Political Science 220 – Constitutional Law – Introductory Video

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Constitutional Law, Legal History and Civil Liberties at the University of Virginia School of Law

Professor Risa Goluboff discusses the Law School’s constitutional law, legal history and civil liberties programs during an Admitted Students Open House.

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Teaching Constitutional Law

The CUNY School of Law is “very different” because “we start constitutional law from day one,” says Distinguished Professor Ruthann Robson. Students are then able to do advanced work in courses such as Race and the Law, Immigration Law and others.

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Litigation Expert, Born in Los Angeles

Not all lawyers are litigators. Court litigation is an art. Constant practice and dedication is needed to master this art. There are lawyers who chose to be employed in the government service, some choose to become corporate executives and some are contented doing notaries. To the fresh graduate-lawyers, they associate with big law firms and […]

Valparaiso University School of Law – Prof. Ivan Bodensteiner

Professor Ivan Bodensteiner of the Valparaiso University School of Law shares his thoughts on Constitutional Law, the Supreme Court and related issues.

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The Path of Constitutional Law: Continuity Crossroads Crisis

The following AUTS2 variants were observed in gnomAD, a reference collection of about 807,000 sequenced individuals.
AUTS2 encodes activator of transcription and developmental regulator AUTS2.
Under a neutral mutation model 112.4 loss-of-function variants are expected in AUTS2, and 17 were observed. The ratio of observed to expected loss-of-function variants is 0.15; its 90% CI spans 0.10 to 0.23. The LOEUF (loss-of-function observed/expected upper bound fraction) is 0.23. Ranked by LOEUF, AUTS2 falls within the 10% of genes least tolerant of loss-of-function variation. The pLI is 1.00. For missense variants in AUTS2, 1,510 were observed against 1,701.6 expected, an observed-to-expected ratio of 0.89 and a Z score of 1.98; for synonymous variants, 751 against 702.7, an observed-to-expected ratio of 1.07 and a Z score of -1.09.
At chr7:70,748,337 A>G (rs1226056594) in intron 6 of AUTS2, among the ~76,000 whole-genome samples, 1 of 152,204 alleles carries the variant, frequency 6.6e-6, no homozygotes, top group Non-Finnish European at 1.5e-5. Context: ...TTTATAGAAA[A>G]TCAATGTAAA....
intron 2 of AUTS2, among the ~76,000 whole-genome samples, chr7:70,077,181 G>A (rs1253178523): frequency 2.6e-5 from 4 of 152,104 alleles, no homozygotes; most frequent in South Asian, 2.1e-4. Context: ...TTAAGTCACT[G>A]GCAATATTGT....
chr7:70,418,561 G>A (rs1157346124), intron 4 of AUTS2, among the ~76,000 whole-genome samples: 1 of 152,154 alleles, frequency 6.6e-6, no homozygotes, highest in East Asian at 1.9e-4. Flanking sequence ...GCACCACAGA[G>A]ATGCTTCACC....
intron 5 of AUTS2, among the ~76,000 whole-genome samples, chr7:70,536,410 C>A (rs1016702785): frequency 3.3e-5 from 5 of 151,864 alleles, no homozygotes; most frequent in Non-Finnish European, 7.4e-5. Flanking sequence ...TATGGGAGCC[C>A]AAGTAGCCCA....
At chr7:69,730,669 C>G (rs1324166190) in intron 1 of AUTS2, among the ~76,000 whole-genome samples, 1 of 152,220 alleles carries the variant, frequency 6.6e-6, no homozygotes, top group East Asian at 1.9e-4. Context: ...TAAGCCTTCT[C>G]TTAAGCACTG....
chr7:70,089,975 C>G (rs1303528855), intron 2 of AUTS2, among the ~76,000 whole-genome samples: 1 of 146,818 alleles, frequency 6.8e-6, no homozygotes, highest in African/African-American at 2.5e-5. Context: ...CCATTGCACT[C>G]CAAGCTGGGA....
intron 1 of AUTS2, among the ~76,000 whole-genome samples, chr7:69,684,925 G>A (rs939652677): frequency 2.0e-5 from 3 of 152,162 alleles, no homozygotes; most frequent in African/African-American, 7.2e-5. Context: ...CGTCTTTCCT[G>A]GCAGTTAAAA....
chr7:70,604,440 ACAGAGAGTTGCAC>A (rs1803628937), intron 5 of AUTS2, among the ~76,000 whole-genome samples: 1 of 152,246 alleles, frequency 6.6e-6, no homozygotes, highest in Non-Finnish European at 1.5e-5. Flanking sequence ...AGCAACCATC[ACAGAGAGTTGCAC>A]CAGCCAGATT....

The path of constitutional law has indeed run through the Nation’s most pivotal events and controversies—from the Civil War to the Cold War, from industrialization to the computer age, and from states’ rights to civil rights. How well has the Constitution mediated society’s most basic conflicts? What are the most important issues that remain unsettled in constitutional law? And can our Constitution be readily adapted to the challenges on the horizon? In this presentation from UC Berkeley School of Law, six of the nation’s top legal scholars address these questions and more. [10/2005] [Public Affairs] [Show ID: 11153]

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The Return to De Jure Constitutional Law is RIGHT NOW underway. Stay Vigillant

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Sharia Law Replaces Civil Law in Poor Indonesian Islands – Lewis Simmons

Complete video at: http://fora.tv/2009/10/24/Lewis_M_Simons_on_Southeast_Asia_The_Next_Front

Lewis M. Simons, journalist and co-author of The Next Front, tells of how Sharia law has supplanted constitutional law in some remote Indonesian islands. The poverty stricken residents have allowed Muslim clerics to collaborate with military and police officials to enforce the Islamic religious law.

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With his co-author, Senator Christopher Bond, Lewis M. Simons, a Pulitzer Prize-winning journalist, argues that Southeast Asia, and especially Indonesia, will be the next hot spot in the war on terror. The authors propose that the U.S., having lost credibility with failed military efforts in the Middle East, deploy “smart power” — civilians — instead of soldiers to defuse anger and create alternatives to violent movements. – Politics and Prose Bookstore

Lewis M. Simons is a freelance writer who won the 1986 Pulitzer Prize for International Reporting. He served as the foreign policy correspondent for Time magazine from 1996 to 1997 and bureau chief in Tokyo for Knight-Ridder Newspapers from 1989 to 1996. He has also been a correspondent for the Associated Press and a reporter for the Washington Post.

Simons is the author of Worth Dying For, published by William Morrow and Company, as well as numerous articles for the Atlantic Monthly, National Geographic, Smithsonian, and the New York Times. He lives in Washington, D.C.

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